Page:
According to the story told by the girls, they both attacked Quesada to stop the rape. He suffered multiple stab wounds. Later the girls showed up at an office of the Judicial Investigating Organization to file a complaint for rape.

When the body was found, Quesada was nude, said police. Quesada imported cars for the United States for sale here.

Our reader's opinion
Term 'counter-revolutionary'
depends on the point of view

Dear A.M. Costa Rica:

With regard to M. King's statement that the Contras were not a revolutionary force:

All of us have feelings and opinions with regard to U. S. meddling in foreign affairs throughout history.  My Nicaraguan wife lost a Contra uncle and almost lost a Contra brother during the conflict in Nicaragua.  I have to admit that my feelings and opinions are tainted.

Isn't it nothing more than semantics to call the Contras "counter-revolutionaries"?  The word "revolution" simply means turn or change.  Are timing and "who was first" the only things that determine who was a revolutionary and who was a "counter-revolutionary"? 

If we used M. King's reasoning, couldn't we say that the English were "revolutionaries" when they seized and made colonies of the land populated by Native Americans?  Would that make our founding fathers "counter-revolutionaries."   What does M. King think of those meddling Frenchmen and their "diabolic agent," the Marquis de Lafayette who cleverly aided George Washington to victory at Yorktown?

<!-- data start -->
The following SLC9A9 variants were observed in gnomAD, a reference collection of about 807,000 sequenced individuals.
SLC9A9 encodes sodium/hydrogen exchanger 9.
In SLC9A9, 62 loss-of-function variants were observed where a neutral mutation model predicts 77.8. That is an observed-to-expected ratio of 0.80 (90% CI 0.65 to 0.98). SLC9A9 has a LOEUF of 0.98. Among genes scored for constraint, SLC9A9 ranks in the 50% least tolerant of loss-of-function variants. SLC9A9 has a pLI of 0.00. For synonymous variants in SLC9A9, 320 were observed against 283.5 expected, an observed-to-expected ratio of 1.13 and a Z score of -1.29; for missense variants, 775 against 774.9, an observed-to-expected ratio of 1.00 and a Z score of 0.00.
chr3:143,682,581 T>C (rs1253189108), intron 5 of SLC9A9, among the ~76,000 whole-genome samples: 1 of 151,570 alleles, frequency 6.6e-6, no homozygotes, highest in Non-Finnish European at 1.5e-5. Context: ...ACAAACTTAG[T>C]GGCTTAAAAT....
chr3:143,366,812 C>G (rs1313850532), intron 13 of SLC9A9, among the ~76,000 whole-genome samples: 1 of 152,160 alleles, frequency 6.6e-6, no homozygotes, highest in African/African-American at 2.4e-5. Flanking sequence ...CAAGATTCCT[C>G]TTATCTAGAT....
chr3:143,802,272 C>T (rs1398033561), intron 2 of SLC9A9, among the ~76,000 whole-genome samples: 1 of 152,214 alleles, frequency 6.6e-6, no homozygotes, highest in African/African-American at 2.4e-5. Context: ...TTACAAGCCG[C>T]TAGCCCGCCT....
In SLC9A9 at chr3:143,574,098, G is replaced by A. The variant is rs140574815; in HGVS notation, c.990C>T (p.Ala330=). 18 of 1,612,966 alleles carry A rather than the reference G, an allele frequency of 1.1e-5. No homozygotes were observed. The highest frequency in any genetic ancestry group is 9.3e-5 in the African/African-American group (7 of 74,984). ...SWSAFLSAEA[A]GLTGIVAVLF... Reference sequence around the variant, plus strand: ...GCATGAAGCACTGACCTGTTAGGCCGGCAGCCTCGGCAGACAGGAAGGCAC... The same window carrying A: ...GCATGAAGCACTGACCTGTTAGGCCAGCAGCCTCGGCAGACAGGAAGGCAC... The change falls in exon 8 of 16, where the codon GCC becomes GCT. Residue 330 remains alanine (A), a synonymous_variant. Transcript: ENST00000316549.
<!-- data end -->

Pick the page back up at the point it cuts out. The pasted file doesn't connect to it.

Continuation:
Perhaps France should never have sent their navy to aid General Washington and his band of "counter-revolutionaries."  What should we call my great-great grandfather, who was the confederate commander of the 2nd Virginia Cavalry during the American Civil War? A "counter-counter-revolutionary"?

In the United States, we celebrate independence from England, but we are at peace with England and among its closest allies.  We celebrate peace since Appomattox in April of 1865, and have made tremendous strides toward freedom and racial equality for all since that time.